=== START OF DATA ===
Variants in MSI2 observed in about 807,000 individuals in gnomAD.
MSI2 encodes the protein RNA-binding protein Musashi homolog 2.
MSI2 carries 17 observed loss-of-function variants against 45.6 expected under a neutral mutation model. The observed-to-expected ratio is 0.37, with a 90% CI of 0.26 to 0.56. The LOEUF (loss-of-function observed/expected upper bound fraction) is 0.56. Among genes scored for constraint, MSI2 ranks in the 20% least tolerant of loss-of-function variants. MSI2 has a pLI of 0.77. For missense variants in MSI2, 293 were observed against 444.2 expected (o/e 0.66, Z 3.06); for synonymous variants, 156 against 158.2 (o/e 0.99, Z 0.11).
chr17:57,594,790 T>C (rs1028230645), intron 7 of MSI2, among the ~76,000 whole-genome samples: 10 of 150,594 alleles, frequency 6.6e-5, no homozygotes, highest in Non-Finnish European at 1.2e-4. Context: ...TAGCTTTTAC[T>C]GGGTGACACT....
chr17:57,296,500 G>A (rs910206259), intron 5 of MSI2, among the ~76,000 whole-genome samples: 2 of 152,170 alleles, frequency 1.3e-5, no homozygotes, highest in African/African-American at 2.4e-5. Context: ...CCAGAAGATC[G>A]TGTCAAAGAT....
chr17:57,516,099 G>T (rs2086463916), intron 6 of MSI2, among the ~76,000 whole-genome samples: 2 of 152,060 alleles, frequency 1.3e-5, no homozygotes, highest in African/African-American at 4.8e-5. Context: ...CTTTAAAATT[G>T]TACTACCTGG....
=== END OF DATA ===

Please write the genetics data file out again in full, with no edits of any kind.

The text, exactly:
Variants in MSI2 observed in about 807,000 individuals in gnomAD.
MSI2 encodes the protein RNA-binding protein Musashi homolog 2.
MSI2 carries 17 observed loss-of-function variants against 45.6 expected under a neutral mutation model. The observed-to-expected ratio is 0.37, with a 90% CI of 0.26 to 0.56. The LOEUF (loss-of-function observed/expected upper bound fraction) is 0.56. Among genes scored for constraint, MSI2 ranks in the 20% least tolerant of loss-of-function variants. MSI2 has a pLI of 0.77. For missense variants in MSI2, 293 were observed against 444.2 expected (o/e 0.66, Z 3.06); for synonymous variants, 156 against 158.2 (o/e 0.99, Z 0.11).
chr17:57,594,790 T>C (rs1028230645), intron 7 of MSI2, among the ~76,000 whole-genome samples: 10 of 150,594 alleles, frequency 6.6e-5, no homozygotes, highest in Non-Finnish European at 1.2e-4. Context: ...TAGCTTTTAC[T>C]GGGTGACACT....
chr17:57,296,500 G>A (rs910206259), intron 5 of MSI2, among the ~76,000 whole-genome samples: 2 of 152,170 alleles, frequency 1.3e-5, no homozygotes, highest in African/African-American at 2.4e-5. Context: ...CCAGAAGATC[G>A]TGTCAAAGAT....
chr17:57,516,099 G>T (rs2086463916), intron 6 of MSI2, among the ~76,000 whole-genome samples: 2 of 152,060 alleles, frequency 1.3e-5, no homozygotes, highest in African/African-American at 4.8e-5. Context: ...CTTTAAAATT[G>T]TACTACCTGG....